I don't need 7 TTYs (or do I?). So how do I reduce this number to 3?

  • 2
    If there's anything to be gained by removing any of the TTYs (aka virtual terminals), it's probably not worth the time spent removing them. Lifehacker suggested removing extra TTYs to improve performance and this comment does a good job explaining why you won't notice the difference. Feb 25, 2011 at 0:14
  • However, no disrespect intended: I don't care if you want to remove TTYs; I just want people to know whether it really matters before they decide to change system files over the issue. Feb 25, 2011 at 0:24
  • Indeed, each one uses only like 4k of ram. No point bothering.
    – psusi
    Feb 25, 2011 at 14:27
  • 3
    The reason /I/ want less TTYs is that they take lines in my processes list. I want each process running on my server to have a purpose and these TTYs don't have any. Jan 4, 2013 at 17:47
  • 2
    @haziz this is not helpful without explanation...
    – ford04
    Jul 14, 2020 at 10:51

3 Answers 3


The way I recommend would be:

  1. Run: sudoedit /etc/default/console-setup Find the line that says: ACTIVE_CONSOLES="/dev/tty[1-6]"

  2. Change it to the amount of tty you want. For 3 you do: ACTIVE_CONSOLES="/dev/tty[1-3]"

  3. Save the file and go to /etc/init/: cd /etc/init/ then type ls to see the tty files.
    They should look like tty1.conf, tty2.conf, tty3.conf....

  4. Rename all the tty that you do not want. In your case you would rename the last 3 tty:

    sudo mv tty4.conf tty4.conf.bck
    sudo mv tty5.conf tty5.conf.bck
    sudo mv tty6.conf tty6.conf.bck

  5. Reboot and test

    • A couple of tips. Even if you eliminate the tty4-6 X will still be in CTRL+ALT+F7
    • tty4 to tty6 will appear blank (black, no blink login waiting)
  • Following my instructions, X now starts where tty4 was. Why bother editing /etc/default/console-setup? (1) It's unnecessary. (2) Won't it just get reset every update?
    – djeikyb
    Feb 24, 2011 at 22:58
  • @djeikyb - Yes it will get change on an X.org update but this is the correct way since leaving that file with the 6 tty will confuse X.org. From my side it has 6 tty, from the other it has 3 conf files. So it will be like "there is something wrong here". It might work ok but it i believe one should try to do it in a clean way for X.org sake. Feb 25, 2011 at 0:43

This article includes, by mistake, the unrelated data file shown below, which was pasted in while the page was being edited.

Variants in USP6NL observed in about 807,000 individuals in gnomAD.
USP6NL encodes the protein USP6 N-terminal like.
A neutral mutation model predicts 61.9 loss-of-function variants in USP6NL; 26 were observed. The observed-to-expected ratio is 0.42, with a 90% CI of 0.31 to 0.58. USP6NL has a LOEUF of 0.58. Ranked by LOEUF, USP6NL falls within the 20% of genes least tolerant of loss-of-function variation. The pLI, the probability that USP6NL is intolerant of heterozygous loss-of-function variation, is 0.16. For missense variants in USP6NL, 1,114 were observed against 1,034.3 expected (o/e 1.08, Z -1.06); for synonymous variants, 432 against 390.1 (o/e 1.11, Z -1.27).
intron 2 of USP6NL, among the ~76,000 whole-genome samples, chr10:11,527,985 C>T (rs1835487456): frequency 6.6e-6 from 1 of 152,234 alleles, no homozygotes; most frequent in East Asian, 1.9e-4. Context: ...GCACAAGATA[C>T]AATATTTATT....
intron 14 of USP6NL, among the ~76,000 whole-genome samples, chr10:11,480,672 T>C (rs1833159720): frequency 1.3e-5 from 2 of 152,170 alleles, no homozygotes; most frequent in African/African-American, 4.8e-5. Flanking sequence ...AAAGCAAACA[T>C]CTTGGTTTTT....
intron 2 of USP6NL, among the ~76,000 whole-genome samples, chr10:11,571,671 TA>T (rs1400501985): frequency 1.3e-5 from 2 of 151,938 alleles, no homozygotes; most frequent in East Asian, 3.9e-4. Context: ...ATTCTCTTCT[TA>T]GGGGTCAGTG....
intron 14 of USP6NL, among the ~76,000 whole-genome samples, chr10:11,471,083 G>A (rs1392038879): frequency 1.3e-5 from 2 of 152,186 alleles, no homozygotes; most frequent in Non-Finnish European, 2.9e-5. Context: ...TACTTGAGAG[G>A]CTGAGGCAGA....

• Okay, I see that console-setup depends on X stuff, so that makes sense. But doesn't X just attach to the nearest available slot (this is the behaviour I see)? Is there a log that would show the confusion? I'm not being argumentative, btw, just really curious, because I configured my box for less TTYs in a manner that flatly contradicts your answer. So much the better if I'm wrong, I'll get to learn more!
    – djeikyb
    Feb 25, 2011 at 9:02
  • 1
    Am guessing there has to be a log (Not know right now) but do not worry am also curious with the linux world and like people like you that are also curious. So keep it up friend. Don't change. Feb 25, 2011 at 14:50

You can delete/move the tty#.conf files in /etc/init that you don't want. I don't know why you'd want to do this, though.
This is on 10.04.

  • 4
    Because they're unnecessary. Because you can. Because ctl-alt-F4 to switch to the X server is easier than ctl-alt-F7.
    – djeikyb
    Feb 24, 2011 at 22:36

All I did was delete tty4 through tty6 from /etc/event.d, and tty4.conf through tty6.conf from /etc/init, and reboot. You may want to be more cautious, see below.

I don't know what the consequences are of having non-sequential tty's. Hopefully you just get a blank screen where X could hang itself. Ie, tty1, tty2, Xorg, tty4, tty5..

You can run the following commands to make the needed changes. Note nothing is deleted. If you need to revert, just move or copy the files back.

cd /etc/init
sudo mkdir tty.bkp
sudo mv tty4 tty5 tty6 tty.bkp
cd /etc/event.d
sudo mkdir tty.conf.bkp
sudo mv tty4.conf tty5.conf tty6.conf tty.conf.bkp

Reboot to test:

sudo reboot

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